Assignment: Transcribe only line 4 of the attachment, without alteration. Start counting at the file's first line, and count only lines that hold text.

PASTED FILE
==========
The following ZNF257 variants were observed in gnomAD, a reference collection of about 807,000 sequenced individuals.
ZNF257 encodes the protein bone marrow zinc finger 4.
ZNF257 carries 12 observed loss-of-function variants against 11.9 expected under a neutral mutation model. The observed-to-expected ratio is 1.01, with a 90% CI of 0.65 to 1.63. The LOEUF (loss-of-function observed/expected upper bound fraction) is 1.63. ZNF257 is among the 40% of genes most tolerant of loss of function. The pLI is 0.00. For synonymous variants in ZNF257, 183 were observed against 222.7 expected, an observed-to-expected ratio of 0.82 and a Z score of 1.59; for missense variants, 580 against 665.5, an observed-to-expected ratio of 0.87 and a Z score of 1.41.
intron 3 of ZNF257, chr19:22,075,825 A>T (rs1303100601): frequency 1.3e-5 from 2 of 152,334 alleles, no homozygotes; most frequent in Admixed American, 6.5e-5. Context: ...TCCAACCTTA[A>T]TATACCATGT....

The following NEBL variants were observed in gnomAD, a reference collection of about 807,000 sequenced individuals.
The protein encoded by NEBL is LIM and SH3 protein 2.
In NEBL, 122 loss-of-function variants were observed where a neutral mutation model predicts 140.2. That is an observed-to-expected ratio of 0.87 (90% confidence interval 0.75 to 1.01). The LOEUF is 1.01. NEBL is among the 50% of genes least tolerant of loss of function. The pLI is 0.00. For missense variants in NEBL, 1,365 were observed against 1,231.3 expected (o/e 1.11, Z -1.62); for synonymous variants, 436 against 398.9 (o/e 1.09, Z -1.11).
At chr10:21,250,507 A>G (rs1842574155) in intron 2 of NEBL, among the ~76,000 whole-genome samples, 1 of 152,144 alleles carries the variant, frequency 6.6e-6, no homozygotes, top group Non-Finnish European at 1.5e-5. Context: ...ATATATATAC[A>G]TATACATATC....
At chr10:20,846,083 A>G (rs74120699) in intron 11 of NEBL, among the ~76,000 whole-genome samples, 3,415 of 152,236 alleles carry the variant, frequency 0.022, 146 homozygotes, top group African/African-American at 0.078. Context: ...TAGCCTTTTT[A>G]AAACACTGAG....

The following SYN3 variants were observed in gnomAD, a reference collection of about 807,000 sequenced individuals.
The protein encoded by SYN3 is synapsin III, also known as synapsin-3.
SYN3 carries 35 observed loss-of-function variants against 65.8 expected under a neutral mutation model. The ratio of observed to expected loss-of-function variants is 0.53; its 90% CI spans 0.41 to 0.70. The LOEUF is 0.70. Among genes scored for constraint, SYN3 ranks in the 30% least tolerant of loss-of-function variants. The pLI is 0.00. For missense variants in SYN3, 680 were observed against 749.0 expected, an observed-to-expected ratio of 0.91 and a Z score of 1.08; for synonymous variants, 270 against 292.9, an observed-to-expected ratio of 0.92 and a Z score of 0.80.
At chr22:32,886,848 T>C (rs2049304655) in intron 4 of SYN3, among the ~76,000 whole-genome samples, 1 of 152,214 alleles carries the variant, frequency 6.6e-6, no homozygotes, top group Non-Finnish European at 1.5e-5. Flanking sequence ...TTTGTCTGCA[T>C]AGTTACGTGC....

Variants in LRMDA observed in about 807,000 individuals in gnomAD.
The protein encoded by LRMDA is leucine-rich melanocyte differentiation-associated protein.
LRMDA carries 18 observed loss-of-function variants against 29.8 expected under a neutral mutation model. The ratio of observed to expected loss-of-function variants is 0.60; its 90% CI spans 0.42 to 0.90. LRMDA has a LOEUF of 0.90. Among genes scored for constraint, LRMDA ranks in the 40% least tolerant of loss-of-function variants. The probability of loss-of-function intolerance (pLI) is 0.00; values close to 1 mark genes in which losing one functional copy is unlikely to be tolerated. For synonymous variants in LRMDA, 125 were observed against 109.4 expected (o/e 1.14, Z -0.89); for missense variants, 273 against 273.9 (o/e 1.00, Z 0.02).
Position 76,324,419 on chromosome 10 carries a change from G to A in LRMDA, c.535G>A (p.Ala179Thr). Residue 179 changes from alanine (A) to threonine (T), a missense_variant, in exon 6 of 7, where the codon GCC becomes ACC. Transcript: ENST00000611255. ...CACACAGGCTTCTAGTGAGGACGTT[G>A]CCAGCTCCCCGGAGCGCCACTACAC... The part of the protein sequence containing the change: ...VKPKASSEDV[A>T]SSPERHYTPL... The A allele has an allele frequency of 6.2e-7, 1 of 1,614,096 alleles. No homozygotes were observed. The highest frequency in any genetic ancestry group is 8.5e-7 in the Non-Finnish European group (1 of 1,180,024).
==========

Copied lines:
intron 3 of ZNF257, chr19:22,075,825 A>T (rs1303100601): frequency 1.3e-5 from 2 of 152,334 alleles, no homozygotes; most frequent in Admixed American, 6.5e-5. Context: ...TCCAACCTTA[A>T]TATACCATGT....